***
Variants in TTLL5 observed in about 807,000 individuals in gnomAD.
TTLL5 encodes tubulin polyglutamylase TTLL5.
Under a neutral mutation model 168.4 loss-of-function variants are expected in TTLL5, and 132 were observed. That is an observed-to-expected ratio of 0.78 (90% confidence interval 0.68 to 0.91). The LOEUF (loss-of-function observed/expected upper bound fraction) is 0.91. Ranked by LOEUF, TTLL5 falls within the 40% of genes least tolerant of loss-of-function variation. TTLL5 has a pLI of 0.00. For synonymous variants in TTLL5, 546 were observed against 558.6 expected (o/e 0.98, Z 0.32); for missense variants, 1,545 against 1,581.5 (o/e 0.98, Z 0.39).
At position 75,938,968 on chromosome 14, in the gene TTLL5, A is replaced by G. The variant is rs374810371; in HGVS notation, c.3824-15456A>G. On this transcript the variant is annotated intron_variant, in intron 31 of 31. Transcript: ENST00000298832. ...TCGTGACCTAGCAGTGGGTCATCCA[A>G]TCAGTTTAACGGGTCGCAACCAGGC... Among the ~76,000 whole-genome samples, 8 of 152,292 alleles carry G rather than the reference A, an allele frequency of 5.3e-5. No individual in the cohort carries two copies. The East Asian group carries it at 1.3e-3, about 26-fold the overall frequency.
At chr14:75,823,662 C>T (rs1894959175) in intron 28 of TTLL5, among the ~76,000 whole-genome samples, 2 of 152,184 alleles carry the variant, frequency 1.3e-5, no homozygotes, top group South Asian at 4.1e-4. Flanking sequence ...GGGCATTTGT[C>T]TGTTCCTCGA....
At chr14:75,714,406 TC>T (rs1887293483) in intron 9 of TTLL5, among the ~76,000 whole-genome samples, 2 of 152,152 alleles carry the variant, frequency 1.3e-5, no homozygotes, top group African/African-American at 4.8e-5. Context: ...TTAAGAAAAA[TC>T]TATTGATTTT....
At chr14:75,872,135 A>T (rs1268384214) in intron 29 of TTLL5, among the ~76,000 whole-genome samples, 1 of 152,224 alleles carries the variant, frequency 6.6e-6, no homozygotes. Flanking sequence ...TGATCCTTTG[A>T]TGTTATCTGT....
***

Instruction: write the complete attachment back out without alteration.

Variants in TTLL5 observed in about 807,000 individuals in gnomAD.
TTLL5 encodes tubulin polyglutamylase TTLL5.
Under a neutral mutation model 168.4 loss-of-function variants are expected in TTLL5, and 132 were observed. That is an observed-to-expected ratio of 0.78 (90% confidence interval 0.68 to 0.91). The LOEUF (loss-of-function observed/expected upper bound fraction) is 0.91. Ranked by LOEUF, TTLL5 falls within the 40% of genes least tolerant of loss-of-function variation. TTLL5 has a pLI of 0.00. For synonymous variants in TTLL5, 546 were observed against 558.6 expected (o/e 0.98, Z 0.32); for missense variants, 1,545 against 1,581.5 (o/e 0.98, Z 0.39).
At position 75,938,968 on chromosome 14, in the gene TTLL5, A is replaced by G. The variant is rs374810371; in HGVS notation, c.3824-15456A>G. On this transcript the variant is annotated intron_variant, in intron 31 of 31. Transcript: ENST00000298832. ...TCGTGACCTAGCAGTGGGTCATCCA[A>G]TCAGTTTAACGGGTCGCAACCAGGC... Among the ~76,000 whole-genome samples, 8 of 152,292 alleles carry G rather than the reference A, an allele frequency of 5.3e-5. No individual in the cohort carries two copies. The East Asian group carries it at 1.3e-3, about 26-fold the overall frequency.
At chr14:75,823,662 C>T (rs1894959175) in intron 28 of TTLL5, among the ~76,000 whole-genome samples, 2 of 152,184 alleles carry the variant, frequency 1.3e-5, no homozygotes, top group South Asian at 4.1e-4. Flanking sequence ...GGGCATTTGT[C>T]TGTTCCTCGA....
At chr14:75,714,406 TC>T (rs1887293483) in intron 9 of TTLL5, among the ~76,000 whole-genome samples, 2 of 152,152 alleles carry the variant, frequency 1.3e-5, no homozygotes, top group African/African-American at 4.8e-5. Context: ...TTAAGAAAAA[TC>T]TATTGATTTT....
At chr14:75,872,135 A>T (rs1268384214) in intron 29 of TTLL5, among the ~76,000 whole-genome samples, 1 of 152,224 alleles carries the variant, frequency 6.6e-6, no homozygotes. Flanking sequence ...TGATCCTTTG[A>T]TGTTATCTGT....